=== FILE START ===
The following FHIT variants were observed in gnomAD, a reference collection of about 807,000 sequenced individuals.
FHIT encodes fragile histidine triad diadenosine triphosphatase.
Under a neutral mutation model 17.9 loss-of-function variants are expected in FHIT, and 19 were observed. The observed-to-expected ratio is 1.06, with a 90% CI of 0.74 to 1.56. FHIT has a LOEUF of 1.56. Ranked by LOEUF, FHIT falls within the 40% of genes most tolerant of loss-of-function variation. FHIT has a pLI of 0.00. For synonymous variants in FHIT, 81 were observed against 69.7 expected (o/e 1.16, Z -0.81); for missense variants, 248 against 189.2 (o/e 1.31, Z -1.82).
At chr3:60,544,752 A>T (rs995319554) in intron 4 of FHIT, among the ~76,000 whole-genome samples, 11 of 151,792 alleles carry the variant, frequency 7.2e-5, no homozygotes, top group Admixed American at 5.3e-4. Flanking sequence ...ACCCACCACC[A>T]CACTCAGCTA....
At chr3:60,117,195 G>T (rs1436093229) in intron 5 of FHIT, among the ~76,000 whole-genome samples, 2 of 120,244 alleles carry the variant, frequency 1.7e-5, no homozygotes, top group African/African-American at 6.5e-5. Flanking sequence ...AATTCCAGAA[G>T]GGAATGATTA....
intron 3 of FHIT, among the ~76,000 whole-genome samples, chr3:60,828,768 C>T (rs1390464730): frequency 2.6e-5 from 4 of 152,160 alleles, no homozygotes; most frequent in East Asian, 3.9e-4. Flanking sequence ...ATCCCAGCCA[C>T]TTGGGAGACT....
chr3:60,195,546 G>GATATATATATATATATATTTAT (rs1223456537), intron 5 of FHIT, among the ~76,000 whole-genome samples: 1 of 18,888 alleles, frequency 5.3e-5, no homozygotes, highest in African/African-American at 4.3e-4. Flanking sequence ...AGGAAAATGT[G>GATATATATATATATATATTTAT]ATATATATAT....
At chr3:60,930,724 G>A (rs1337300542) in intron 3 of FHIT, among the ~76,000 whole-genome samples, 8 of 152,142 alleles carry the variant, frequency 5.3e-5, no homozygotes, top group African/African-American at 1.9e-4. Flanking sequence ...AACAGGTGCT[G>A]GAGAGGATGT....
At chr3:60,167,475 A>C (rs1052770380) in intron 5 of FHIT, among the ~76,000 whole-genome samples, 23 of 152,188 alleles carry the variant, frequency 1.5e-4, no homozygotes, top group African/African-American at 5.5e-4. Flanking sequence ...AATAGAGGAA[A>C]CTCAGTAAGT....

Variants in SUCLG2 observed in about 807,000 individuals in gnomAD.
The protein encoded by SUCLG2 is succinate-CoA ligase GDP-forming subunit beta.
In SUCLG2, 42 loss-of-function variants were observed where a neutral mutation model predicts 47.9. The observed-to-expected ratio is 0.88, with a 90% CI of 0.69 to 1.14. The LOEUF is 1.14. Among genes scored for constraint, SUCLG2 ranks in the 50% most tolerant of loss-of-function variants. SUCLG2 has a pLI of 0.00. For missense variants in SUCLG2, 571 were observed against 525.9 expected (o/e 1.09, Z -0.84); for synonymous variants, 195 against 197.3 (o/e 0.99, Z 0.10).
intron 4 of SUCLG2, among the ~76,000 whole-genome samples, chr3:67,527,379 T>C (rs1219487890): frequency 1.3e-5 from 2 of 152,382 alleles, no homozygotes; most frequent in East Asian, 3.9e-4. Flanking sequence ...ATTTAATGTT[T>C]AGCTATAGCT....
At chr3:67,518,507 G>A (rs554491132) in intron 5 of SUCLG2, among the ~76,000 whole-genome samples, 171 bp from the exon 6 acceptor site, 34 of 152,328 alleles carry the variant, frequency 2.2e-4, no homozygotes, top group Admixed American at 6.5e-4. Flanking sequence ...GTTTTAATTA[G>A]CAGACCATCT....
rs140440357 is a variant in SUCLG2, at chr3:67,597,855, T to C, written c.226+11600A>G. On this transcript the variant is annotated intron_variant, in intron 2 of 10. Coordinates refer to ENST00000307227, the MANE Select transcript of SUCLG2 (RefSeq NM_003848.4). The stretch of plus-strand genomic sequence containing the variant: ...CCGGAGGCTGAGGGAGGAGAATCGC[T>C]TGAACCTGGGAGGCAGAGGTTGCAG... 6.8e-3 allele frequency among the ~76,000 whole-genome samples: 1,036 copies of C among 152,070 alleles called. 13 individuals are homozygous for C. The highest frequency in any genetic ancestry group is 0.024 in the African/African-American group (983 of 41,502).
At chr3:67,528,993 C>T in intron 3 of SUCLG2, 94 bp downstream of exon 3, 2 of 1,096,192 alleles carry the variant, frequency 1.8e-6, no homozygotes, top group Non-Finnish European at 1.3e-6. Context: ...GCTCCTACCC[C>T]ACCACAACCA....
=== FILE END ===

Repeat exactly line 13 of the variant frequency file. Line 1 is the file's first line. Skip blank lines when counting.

intron 4 of SUCLG2, among the ~76,000 whole-genome samples, chr3:67,527,379 T>C (rs1219487890): frequency 1.3e-5 from 2 of 152,382 alleles, no homozygotes; most frequent in East Asian, 3.9e-4. Flanking sequence ...ATTTAATGTT[T>C]AGCTATAGCT....